Tuesday, March 22, 2016

Why Aren't You Switching Careers?

By this point in your life, it’s pretty safe to say that you’ve heard every bit of financial “wisdom” out there, maybe tried to follow some of it, and likely failed to do so successfully. There are plenty of reasons that financial advice falls short in your personal life, not least of which is that for the most part, financial advice is garbage. it’s useless to 99% of the population because it’s trying to distill into snippets an overall theme of personal money management that just doesn’t take into account the very specific details of your personal financial situation. You might think it’s going a bit overboard to say that financial advice these days is garbage, but hear me out. When was the last time you took financial advice and always stuck with it? Right. Probably been a while.

First up is one of the biggest offenders going. It’s catchy, and sounds great, but simply doesn’t work for most people. For this reason alone, it has to die. This advice is to “Pay yourself first.” See? Sounds good, doesn’t it? Unfortunately, it overlooks a bit of a life complication all together. Most people these days are up to their ears in debt, mired down in bills, and scraping to get by every month. In fact, about 76% of Americans today are living paycheck-to-paycheck, stuck with student loans, credit debt, and overpriced mortgages and car payments. With all this outstanding debt, if you pay yourself first, you’ll have collections agencies beating down your door in no time at all. Instead, try this out: Get your debts paid first. Pay what you owe, and pay it on time. Once your loans are paid, then start paying yourself first when you’re dealing with normal bills like utilities and insurance. That way, you’ll actually have money after you’ve paid yourself to pay your bills.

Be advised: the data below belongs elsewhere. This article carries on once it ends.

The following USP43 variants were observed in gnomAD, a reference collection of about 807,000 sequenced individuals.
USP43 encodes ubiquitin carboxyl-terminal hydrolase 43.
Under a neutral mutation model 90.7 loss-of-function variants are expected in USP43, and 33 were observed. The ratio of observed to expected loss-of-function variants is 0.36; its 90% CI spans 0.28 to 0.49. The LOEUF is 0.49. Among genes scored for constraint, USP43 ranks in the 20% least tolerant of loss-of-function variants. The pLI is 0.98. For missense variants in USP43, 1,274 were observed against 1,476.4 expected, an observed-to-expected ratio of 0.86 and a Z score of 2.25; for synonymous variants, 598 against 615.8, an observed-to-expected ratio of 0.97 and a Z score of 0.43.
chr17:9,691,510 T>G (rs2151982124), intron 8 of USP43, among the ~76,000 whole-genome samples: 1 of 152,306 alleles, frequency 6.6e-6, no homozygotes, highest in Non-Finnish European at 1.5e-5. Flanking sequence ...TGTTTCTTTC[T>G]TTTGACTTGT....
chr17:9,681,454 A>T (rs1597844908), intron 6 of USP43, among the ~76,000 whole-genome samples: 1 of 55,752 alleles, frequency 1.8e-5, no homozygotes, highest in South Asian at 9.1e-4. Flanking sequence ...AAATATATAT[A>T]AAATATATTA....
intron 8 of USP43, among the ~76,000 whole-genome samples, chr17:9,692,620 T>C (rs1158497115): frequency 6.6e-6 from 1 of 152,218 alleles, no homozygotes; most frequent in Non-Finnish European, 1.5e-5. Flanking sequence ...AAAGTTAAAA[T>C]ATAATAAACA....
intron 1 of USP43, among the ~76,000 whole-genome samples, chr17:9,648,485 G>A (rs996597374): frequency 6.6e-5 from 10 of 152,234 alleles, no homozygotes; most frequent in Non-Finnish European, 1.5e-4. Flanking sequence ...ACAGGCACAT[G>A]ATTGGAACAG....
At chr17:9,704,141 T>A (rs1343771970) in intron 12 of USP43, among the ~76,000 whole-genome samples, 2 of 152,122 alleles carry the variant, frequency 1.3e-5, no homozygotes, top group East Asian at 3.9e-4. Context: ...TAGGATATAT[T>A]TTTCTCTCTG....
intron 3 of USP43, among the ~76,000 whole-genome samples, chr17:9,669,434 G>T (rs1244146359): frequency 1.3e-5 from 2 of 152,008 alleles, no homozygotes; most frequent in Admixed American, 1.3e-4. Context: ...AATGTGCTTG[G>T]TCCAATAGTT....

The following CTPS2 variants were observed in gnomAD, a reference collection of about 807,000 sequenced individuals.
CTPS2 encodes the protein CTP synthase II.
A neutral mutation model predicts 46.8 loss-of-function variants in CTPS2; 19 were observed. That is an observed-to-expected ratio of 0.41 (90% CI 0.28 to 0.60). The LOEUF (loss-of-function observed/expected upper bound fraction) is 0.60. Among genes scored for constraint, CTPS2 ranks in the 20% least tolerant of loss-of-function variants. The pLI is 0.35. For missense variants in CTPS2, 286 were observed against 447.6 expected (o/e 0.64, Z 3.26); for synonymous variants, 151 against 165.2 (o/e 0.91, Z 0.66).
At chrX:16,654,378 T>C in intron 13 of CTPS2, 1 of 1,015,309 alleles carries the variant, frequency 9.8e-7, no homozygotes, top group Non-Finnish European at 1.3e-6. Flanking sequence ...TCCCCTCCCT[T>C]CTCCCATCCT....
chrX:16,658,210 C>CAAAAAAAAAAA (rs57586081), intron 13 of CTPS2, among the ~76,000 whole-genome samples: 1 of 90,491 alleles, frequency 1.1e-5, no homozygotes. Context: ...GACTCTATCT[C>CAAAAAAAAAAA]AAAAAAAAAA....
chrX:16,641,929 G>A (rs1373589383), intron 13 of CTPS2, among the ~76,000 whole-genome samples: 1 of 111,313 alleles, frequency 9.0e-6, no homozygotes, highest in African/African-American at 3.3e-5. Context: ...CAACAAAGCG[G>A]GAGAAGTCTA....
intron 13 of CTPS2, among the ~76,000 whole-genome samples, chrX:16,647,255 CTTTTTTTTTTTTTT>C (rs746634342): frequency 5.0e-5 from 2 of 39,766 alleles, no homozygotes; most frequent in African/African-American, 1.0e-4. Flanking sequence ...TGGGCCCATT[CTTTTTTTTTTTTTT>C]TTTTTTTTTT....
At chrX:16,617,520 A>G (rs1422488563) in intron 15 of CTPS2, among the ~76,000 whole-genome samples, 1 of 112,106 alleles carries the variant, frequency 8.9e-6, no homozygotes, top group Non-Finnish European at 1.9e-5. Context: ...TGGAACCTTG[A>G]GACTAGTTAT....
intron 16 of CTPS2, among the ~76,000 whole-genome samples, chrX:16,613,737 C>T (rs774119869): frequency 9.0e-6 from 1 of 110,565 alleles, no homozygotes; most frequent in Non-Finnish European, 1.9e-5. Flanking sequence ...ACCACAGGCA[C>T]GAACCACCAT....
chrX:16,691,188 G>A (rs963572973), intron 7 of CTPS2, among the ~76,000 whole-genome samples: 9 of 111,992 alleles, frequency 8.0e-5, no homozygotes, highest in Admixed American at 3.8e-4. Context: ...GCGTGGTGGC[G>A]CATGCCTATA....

Next, we have to address the new car/ used car debate. Some people swear by new, others used. Either way, it’s garbage. There’s only one thing that should be taken into account when you’re buying a new or used car, and that’s mileage. A great deal on a used car doesn’t mean you’re getting a great car if it’s got 100,000 miles on it. Sure, it may have been taken care of, but it’s unlikely that it will get another 100,000 miles before it really starts costing you some serious money. Today’s cars a re chock-full of complicated electronics and sensors that are EXTREMELY expensive and cannot be serviced. Many times, units that used to be replaceable are built in such a way that they must be replaced along with other components. Take fuel pumps for example. As late as the early 2000s, fuel pumps were replaceable by themselves, and weren’t very expensive. Now, though, a fuel pump is often a unit along with the fuel filter, fuel level sensor, and other fuel line components, and must be replaced together, costing hundreds of dollars. 

A new car, though, while more likely to last 250,000 miles if you take care of it and do the regular maintenance, seems an expensive proposition until you take this later repair cost into account. The truth is that it may cost you less per mile these days to buy a new car than a used car.


Clearly, these two examples aren’t the end-all of the garbage that financial professionals pass your way, but they can be pretty troublesome given that so many people believe them to be true. All you can really do, then, is do your best to figure out what’s best for you, and stick to what works.

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